When I'm trying to lose, I do low carb or intermittent fasting, or both. But if I'm not paying any attention, my diet might typically be three meals and some snacking: an cheese and bacon omelet with coffee for breakfast, a 4oz bag of avocado-oil kettle chips and plate of rice and chicken curry for lunch, a quart of chicken lo mein and three spring rolls for dinner. The snacks might something like 10-12 double-stuf Oreos, or a pint of peanuts, munched on over the course of an hour or so.
It's really easy to exceed 4000 kcal, and not hard at all to exceed 5000 kcal, all without ever feeling too full (or ever feeling hungry, of course...).
Interesting. Honestly, the sheer volume of food you're talking about would be challenging for me to ingest. A _quart_ of chicken lo mein? A _pint_ of peanuts? I'd consider a handful (2-4 tablespoons) of peanuts to be a normal snack.
This is an interesting lesson in the effect of food choices, I suppose. Because, my experience is that as long as I avoid soda and beer, it's really easy to consume <1500kcal a day, also without feeling hungry.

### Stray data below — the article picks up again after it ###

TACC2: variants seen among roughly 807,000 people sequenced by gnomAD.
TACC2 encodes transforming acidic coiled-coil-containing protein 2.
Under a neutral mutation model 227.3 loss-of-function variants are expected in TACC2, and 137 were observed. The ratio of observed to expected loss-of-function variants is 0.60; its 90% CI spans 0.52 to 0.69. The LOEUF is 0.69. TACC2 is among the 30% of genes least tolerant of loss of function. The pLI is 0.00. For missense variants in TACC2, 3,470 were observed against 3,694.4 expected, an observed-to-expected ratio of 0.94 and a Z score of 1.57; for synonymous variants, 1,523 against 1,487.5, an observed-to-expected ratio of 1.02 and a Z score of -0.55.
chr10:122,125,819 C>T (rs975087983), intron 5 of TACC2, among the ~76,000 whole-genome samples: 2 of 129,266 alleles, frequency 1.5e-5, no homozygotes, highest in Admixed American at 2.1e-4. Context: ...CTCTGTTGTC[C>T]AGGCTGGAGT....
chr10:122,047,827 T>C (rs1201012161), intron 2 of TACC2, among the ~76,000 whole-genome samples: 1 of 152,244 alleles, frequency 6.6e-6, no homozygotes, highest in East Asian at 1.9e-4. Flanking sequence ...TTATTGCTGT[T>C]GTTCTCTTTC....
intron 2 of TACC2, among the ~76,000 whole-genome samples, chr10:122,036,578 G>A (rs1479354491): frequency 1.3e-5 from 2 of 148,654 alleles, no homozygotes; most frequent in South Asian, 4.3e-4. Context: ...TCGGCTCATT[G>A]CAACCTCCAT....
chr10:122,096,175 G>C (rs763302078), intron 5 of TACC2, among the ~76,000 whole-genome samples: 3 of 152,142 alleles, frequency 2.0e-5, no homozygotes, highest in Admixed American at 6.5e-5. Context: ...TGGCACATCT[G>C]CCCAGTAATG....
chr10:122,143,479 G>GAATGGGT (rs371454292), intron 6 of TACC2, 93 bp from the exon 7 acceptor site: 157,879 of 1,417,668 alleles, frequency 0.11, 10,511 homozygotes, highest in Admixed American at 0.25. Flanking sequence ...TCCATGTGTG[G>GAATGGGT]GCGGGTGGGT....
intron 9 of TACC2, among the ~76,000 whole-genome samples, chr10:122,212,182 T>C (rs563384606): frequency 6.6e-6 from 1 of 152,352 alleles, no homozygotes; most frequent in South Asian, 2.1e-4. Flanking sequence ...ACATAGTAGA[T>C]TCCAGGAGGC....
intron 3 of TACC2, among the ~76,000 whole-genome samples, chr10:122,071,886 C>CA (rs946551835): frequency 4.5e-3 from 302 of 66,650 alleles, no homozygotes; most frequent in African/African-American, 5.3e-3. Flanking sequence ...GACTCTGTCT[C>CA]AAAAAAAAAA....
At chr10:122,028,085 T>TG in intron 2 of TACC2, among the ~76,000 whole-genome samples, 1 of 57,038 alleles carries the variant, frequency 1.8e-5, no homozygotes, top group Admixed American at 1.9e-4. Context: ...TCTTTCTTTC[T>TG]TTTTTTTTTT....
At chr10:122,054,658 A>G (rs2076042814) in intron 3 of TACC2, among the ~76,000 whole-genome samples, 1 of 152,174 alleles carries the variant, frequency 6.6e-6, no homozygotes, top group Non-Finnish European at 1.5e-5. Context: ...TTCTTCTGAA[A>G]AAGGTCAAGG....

The physiological satiety response just isn't as strong or effective in some people. To further complicate things, once obesity sets in, it creates a degree of insulin & leptin resistance, and losing control of these signalling devices even further reduces the negative feedback available to establish a hunger / eating cycle, when ad libitum food is available.
To some degree, it takes acts of deliberate control several times a day, for years, for people who are biochemically prone to overeating, to eat a normal amount given a Western diet... on top of their actual psychological habits.